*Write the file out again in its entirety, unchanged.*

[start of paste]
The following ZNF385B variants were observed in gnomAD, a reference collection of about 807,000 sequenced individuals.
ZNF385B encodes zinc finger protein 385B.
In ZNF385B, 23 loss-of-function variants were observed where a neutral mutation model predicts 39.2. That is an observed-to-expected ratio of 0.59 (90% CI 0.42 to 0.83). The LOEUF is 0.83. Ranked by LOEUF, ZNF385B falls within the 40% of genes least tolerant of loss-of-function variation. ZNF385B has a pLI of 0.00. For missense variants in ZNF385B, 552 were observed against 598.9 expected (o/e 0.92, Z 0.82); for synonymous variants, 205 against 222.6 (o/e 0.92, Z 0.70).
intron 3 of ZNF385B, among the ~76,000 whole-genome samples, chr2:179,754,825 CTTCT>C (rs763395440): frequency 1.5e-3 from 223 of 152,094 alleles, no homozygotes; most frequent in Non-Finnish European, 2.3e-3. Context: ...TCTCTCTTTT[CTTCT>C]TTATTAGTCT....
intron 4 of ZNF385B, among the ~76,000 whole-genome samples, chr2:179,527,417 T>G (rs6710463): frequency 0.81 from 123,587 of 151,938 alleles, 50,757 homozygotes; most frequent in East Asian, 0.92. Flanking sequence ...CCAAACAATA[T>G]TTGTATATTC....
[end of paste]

The following ZNF385B variants were observed in gnomAD, a reference collection of about 807,000 sequenced individuals.
ZNF385B encodes zinc finger protein 385B.
In ZNF385B, 23 loss-of-function variants were observed where a neutral mutation model predicts 39.2. That is an observed-to-expected ratio of 0.59 (90% CI 0.42 to 0.83). The LOEUF is 0.83. Ranked by LOEUF, ZNF385B falls within the 40% of genes least tolerant of loss-of-function variation. ZNF385B has a pLI of 0.00. For missense variants in ZNF385B, 552 were observed against 598.9 expected (o/e 0.92, Z 0.82); for synonymous variants, 205 against 222.6 (o/e 0.92, Z 0.70).
intron 3 of ZNF385B, among the ~76,000 whole-genome samples, chr2:179,754,825 CTTCT>C (rs763395440): frequency 1.5e-3 from 223 of 152,094 alleles, no homozygotes; most frequent in Non-Finnish European, 2.3e-3. Context: ...TCTCTCTTTT[CTTCT>C]TTATTAGTCT....
intron 4 of ZNF385B, among the ~76,000 whole-genome samples, chr2:179,527,417 T>G (rs6710463): frequency 0.81 from 123,587 of 151,938 alleles, 50,757 homozygotes; most frequent in East Asian, 0.92. Flanking sequence ...CCAAACAATA[T>G]TTGTATATTC....